Wednesday, October 19, 2011

NCAA disillusionment

I had trouble sleeping last night, so instead of lying awake in the dark I turned on the bedside lamp and read an article in Atlantic Monthly: "The Shame of College Sports" by Taylor Branch, award-winning author of a magnificent 3-volume history of the civil rights era.

I knew that college sports were being corrupted by money but I hadn't fully appreciated what a villain the NCAA is until I read this article. I'm afraid I'll never be able really to enjoy "March Madness" again in the way I have in the past. Branch believes that the whole concept of the "student athlete" is not only a fiction, but is an hypocrisy which exploits college athletes in much the same way that slave owners exploited their slaves. College athletes at the big-money schools are bringing hundreds of millions of dollars into the coffers of both their colleges and the NCAA, mainly through TV contracts, but if one of those athletes sells his jersey to someone, he has violated the rules and is suspended (even while his university bookstore is selling replicas of his jersey for $39.99).

A remedial English teacher at one of the NCAA schools, under pressure to insure that the athlete she was tutoring would get passing grades and thus maintain eligibility, did a stupid thing - the athlete was taking a test online and clicked "done," and left before he had completed the test. His buddy was there, so she had him open the test and finish it. She was fired, she sued and lost, and was blackballed by the NCAA. Although a competent and compassionate teacher, she couldn't get a job in any college in the US. She now works in a prison. Another teacher at an NCAA school was being pressured to fake grades so an athlete would pass. She refused and was fired. The university made clear to her in no uncertain terms that their star athlete was a lot more important than she was! She sued the university, but the NCAA didn't support her case.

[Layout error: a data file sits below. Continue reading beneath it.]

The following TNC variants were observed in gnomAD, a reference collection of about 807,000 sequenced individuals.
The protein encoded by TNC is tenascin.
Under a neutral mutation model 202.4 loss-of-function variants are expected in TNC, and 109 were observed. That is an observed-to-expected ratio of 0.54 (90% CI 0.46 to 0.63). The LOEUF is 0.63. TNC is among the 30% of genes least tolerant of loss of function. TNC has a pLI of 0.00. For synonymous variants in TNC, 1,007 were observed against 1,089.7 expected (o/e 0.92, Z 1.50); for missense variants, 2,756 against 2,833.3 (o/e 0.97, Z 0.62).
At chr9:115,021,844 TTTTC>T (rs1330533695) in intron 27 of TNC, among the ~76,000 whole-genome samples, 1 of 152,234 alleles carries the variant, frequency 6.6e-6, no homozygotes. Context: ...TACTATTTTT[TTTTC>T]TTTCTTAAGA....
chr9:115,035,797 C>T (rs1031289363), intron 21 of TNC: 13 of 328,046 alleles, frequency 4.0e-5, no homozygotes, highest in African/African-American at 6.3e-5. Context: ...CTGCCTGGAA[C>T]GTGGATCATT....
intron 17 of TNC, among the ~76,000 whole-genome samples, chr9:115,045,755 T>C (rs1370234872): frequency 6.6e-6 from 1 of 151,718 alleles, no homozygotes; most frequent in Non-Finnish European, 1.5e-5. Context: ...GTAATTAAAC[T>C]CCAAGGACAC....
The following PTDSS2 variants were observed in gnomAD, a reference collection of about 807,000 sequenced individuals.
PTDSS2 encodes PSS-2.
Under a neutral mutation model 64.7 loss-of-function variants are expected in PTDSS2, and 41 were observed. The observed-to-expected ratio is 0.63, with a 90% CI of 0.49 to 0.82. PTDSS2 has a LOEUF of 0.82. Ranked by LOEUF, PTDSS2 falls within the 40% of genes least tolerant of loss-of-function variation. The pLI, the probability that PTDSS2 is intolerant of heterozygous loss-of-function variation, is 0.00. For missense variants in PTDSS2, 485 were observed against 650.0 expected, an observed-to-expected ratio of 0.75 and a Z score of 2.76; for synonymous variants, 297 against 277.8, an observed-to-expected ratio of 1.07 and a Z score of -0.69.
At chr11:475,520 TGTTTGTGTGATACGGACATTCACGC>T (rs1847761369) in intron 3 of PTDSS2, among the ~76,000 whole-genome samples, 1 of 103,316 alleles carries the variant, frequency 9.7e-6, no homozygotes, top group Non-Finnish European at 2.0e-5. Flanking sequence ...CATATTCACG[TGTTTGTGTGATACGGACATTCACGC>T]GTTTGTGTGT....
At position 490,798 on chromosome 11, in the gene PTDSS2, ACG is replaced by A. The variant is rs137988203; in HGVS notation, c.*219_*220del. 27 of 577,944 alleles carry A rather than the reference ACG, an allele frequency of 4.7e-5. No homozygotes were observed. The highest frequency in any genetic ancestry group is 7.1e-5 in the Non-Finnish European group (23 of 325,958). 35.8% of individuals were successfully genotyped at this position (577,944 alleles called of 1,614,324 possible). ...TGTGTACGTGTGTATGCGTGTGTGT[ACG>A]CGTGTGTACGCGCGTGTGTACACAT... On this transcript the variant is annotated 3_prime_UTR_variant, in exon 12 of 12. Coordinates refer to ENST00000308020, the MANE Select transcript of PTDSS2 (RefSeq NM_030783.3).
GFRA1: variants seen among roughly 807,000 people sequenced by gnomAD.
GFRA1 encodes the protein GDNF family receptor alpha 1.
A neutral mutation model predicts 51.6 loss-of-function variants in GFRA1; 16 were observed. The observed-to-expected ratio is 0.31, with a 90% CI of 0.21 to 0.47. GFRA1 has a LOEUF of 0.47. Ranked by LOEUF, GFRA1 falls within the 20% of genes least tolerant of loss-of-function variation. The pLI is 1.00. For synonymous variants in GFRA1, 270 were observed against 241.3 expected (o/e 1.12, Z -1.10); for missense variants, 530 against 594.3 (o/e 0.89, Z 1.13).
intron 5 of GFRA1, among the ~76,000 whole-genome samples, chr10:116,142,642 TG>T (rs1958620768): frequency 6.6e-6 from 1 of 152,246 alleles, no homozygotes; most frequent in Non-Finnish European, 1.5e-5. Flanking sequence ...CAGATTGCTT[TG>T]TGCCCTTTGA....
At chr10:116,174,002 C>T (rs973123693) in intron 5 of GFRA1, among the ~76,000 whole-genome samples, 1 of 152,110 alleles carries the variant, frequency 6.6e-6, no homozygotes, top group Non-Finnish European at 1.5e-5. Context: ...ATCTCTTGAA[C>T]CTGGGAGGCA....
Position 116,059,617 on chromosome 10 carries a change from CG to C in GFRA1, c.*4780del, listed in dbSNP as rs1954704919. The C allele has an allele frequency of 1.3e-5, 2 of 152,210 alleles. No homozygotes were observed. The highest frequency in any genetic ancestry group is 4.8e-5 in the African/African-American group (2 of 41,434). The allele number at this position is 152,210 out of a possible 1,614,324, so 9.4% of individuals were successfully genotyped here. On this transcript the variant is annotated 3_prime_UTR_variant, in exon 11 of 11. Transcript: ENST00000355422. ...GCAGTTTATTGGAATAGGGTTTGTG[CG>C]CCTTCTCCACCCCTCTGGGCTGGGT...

Branch thinks that the NCAA is probably doomed. This may be wishful thinking, but there is a movement among the big football schools to bypass the whole NCAA-run bowl games and run their own national playoffs to determine the national football champion - sort of a "March Madness" for football. President Obama supports this idea. Branch figures that if they are successful at that, college basketball's "March Madness" itself will probably not be far behind. The schools may just figure out they don't need the NCAA. Eliminate the middleman! If that happens, the NCAA will lose 90% of its income. But it probably won't help the "student athlete."

Maybe there should be a law banning commercial TV cameras from any college sports event. If that happened (it never will!) I would miss "March Madness," but if I want to see basketball so badly, maybe I should just go to my nearest college and support the team in person.

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